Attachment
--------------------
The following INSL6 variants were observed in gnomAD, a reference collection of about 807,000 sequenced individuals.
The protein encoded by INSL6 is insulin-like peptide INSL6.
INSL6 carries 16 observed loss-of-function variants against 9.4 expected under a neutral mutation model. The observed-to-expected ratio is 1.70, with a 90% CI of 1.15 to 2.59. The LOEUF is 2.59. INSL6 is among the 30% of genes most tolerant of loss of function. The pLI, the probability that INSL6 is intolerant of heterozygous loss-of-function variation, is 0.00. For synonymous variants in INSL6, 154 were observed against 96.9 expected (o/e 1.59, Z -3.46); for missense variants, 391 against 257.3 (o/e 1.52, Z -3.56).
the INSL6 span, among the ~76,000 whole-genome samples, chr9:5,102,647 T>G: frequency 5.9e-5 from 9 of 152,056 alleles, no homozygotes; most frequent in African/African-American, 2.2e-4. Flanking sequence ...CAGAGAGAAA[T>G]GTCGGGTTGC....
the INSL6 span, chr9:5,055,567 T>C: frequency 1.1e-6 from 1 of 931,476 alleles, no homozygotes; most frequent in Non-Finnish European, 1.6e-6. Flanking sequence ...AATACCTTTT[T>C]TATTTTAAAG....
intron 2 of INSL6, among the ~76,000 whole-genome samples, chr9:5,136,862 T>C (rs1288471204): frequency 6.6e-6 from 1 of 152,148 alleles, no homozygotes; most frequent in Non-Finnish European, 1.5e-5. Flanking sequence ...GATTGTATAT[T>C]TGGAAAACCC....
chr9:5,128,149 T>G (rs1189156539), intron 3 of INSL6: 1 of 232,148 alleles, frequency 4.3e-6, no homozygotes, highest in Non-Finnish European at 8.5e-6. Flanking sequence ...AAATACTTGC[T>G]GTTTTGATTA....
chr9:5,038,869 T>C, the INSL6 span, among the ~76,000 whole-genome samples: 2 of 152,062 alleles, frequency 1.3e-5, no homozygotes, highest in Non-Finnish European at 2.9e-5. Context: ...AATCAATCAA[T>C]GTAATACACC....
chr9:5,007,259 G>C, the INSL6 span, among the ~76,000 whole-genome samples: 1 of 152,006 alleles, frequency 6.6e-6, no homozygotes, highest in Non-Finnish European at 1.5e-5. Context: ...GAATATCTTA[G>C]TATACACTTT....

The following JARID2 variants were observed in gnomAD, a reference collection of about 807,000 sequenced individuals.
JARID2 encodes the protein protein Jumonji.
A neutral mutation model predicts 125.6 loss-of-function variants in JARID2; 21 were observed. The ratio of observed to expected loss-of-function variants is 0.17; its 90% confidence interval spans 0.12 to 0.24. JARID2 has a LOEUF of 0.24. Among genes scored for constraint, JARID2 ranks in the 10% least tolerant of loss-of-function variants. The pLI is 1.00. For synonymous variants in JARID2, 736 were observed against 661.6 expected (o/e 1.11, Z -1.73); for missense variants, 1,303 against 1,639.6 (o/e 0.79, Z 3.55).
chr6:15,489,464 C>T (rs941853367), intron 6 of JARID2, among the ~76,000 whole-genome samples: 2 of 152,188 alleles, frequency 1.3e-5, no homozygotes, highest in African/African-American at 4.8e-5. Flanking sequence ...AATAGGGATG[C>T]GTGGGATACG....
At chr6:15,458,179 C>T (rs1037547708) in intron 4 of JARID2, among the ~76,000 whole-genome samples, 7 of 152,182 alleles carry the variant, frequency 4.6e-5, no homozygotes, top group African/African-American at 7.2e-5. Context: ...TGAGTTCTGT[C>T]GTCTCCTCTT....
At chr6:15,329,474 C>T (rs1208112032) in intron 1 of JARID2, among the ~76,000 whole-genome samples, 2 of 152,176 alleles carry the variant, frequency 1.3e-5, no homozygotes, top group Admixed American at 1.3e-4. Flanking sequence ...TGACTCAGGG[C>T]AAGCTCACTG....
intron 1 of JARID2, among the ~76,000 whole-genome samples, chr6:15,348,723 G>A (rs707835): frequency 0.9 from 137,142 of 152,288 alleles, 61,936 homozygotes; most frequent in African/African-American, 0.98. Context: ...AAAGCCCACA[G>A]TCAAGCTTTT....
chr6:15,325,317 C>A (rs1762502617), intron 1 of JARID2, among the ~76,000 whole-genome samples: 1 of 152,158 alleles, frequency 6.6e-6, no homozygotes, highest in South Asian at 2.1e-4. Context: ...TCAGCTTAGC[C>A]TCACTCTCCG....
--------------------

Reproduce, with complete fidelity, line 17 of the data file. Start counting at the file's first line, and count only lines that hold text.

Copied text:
chr6:15,325,317 C>A (rs1762502617), intron 1 of JARID2, among the ~76,000 whole-genome samples: 1 of 152,158 alleles, frequency 6.6e-6, no homozygotes, highest in South Asian at 2.1e-4. Context: ...TCAGCTTAGC[C>A]TCACTCTCCG....